The United States spends 18% of its total budget on defense spending. If one adds up the total amount of defense spending done by every country on the planet, the U.S. accounts for 48% of the total. We maintain 50,000 troops in Germany and more in Japan. Weren’t these wars won decades ago? For the price tag of the war in Iraq, the U.S. could have built out a nationwide natural gas refueling infrastructure, put millions of NGVs on the road, and leverage our #1 economic advantage over all other countries: our millions of miles of natural gas pipeline distribution network combined with abundant natural gas resources. Instead we are building hospital, roads, and schools in Iraq and Afghanistan. This is absurd. The oil crisis is a much bigger threat to the future of the U.S. economy than are the terrorist. We need to bring the troops home and secure our borders and our ports and get to work on protecting the country from the oil crisis by funneling money not into unproductive wars, but into energy infrastructure.
- Get our Financial House in Order
Higher oil prices will mean higher inflation and therefore higher interest rates. Since the U.S. imports 65% of its oil and maintains a debt and deficit ridden government, the first order of business is to get our financial house in order. This means balancing the budget and strengthening the currency. Perhaps the government could set up a website with a PayPal “donate” button so that some of the executives on the receiving end of the U.S. taxpayer bonus money (Lloyd Blankfein, Jamie Dimond, Robert BenMosche, etc.) could give some money back. The government could publish the names of all those people and provide some peer-pressure competition. Perhaps we’d see Warren Buffett, Bill Gates, and the Google (NASDAQ:GOOG) guys participate. Maybe even Benjamin Bernanke and Alan Greenspan and other Federal bureaucrats and economist that have gotten us into this jam (and benefitted greatly in the process...) could also contribute. If the U.S. government does not get a handle on its debt and deficit challenges, the next oil spike will see the world will move quickly away from the U.S. dollar as the world’s reserves currency toward a basket of currencies from more economically prudent and resource rich countries like Canada, Brazil, and Austrailia.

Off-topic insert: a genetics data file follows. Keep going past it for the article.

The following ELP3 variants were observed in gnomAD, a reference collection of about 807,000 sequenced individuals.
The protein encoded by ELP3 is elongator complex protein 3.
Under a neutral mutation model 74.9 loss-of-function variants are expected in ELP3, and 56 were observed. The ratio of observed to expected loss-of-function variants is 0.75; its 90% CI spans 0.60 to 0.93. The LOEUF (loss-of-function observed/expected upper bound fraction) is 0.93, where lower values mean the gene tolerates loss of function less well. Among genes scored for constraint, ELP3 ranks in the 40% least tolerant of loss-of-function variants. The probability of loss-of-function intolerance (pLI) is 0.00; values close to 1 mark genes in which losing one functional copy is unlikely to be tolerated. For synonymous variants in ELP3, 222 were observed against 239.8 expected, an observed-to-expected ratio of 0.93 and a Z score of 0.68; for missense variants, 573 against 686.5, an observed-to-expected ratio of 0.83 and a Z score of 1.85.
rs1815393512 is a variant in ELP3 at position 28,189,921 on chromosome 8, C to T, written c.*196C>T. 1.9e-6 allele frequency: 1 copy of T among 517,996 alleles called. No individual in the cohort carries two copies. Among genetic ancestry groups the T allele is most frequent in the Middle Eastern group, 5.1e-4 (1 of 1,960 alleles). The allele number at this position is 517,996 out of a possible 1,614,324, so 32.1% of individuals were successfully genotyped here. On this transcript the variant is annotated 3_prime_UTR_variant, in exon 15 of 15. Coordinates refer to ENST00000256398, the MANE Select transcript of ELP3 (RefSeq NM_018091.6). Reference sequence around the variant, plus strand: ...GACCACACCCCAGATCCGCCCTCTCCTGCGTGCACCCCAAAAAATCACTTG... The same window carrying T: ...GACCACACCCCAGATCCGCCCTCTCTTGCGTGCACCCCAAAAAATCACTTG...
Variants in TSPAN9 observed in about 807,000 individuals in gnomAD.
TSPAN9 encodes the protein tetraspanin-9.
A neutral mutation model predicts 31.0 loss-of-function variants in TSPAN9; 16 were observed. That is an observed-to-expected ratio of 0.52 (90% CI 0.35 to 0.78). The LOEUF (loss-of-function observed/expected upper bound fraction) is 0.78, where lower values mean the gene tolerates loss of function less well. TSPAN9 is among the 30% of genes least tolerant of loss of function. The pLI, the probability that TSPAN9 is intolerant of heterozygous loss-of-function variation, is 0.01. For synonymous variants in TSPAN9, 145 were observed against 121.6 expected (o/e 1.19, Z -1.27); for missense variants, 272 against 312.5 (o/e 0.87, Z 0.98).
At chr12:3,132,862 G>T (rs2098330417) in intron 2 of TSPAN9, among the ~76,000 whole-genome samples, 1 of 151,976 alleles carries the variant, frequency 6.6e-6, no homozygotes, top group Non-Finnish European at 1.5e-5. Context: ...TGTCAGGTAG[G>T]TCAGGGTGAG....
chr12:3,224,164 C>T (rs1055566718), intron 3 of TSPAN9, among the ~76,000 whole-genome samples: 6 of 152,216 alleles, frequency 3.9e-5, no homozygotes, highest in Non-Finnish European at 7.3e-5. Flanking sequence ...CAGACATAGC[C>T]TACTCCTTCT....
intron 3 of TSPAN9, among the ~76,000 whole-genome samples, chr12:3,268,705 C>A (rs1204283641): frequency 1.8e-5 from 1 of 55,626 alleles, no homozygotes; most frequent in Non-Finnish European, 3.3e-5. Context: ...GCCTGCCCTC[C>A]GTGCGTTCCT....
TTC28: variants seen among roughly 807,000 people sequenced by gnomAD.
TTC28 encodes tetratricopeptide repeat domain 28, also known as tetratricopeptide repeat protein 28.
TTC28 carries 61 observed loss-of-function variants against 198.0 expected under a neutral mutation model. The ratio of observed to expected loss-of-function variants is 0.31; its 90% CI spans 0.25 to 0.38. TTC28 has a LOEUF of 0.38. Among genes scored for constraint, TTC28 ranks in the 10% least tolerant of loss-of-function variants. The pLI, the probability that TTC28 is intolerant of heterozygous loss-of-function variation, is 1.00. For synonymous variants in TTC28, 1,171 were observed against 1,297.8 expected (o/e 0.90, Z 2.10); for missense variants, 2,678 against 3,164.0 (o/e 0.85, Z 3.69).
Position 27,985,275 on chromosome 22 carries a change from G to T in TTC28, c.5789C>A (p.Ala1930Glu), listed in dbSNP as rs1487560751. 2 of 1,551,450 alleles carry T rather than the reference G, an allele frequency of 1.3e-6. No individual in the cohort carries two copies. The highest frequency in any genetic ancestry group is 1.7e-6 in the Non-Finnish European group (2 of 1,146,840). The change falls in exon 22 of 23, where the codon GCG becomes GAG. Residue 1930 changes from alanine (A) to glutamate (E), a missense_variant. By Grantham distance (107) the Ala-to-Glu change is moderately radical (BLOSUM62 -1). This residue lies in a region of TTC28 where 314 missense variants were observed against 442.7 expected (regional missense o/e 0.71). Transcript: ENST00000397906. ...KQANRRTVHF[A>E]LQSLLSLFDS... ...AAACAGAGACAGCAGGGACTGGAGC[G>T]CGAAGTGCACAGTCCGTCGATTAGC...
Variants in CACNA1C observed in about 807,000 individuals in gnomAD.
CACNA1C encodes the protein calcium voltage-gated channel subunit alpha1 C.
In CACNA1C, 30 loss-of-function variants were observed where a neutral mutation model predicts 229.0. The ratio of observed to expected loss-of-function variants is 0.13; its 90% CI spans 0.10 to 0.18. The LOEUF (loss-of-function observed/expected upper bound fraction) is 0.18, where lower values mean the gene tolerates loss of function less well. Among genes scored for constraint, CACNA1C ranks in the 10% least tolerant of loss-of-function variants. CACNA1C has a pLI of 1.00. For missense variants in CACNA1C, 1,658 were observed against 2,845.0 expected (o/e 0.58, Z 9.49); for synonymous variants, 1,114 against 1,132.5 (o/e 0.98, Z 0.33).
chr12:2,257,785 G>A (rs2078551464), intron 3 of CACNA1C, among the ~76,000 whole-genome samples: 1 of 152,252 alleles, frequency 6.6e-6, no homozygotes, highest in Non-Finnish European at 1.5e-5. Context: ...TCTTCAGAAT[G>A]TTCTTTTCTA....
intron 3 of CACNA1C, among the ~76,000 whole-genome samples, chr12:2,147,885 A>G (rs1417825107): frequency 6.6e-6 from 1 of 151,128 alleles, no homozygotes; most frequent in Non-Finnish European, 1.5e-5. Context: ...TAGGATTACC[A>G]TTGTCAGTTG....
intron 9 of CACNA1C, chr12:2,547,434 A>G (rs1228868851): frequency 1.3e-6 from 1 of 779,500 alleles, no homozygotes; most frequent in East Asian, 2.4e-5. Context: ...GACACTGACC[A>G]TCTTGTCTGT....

Of course the best way to get our financial house in order is to adopt Ron Paul’s idea to audit the Federal Reserve, then shut the Fed down after we see the fraud, and then transition the country back to Constitutional hard money based on gold and silver. Once we do this, it would not be possible to fight all the foreign oil wars because we’d actually have to pay real money to do so (i.e. raise taxes) instead of printing money out of thin air and mortgaging our children’s future. Actually, it’s OUR future since the problem is so severe today judgment day will be coming during OUR lifetime.
- Adopt a Strategic Long-term Comprehensive Energy Policy
The need here is self-explanatory and obvious. Here’s such a policy.
It is no surprise that this energy policy is heavy on leveraging the #1 economic advantage the U.S. has on all other countries: our millions of miles of natural gas pipeline distribution network combined with our abundant, clean and cheap natural gas resources.
U.S. Investor Advice to Prepare for the Oil Crisis
- Buy Energy Stocks that Pay Dividends
My favorites here are BP, COP, CVX, XOM, PBR, and STO. All of these pay dividends of over 4% except for XOM and PBR. However, PBR has the potential for extremely positive production growth and XOM has the best efficiencies in the business. XOM will also be the largest natural gas producer in the U.S. after it completes the XTO buyout.
- Buy Gold and Silver Bullion
- Buy an NGV if you live in Utah, California, or Oklahoma
Few other states support natural gas transportation. Perhaps one should relocate to one of these states. Otherwise, trade in your gas guzzler now and buy very fuel efficient vehicle. Unfortunately, the best solution (a natural gas/electric hybrid) is not even available.
- Make a garden and build compost box.
Here are instructions on building a compost box very cheaply.
Disclosure: Long BP, COP, PBR, STO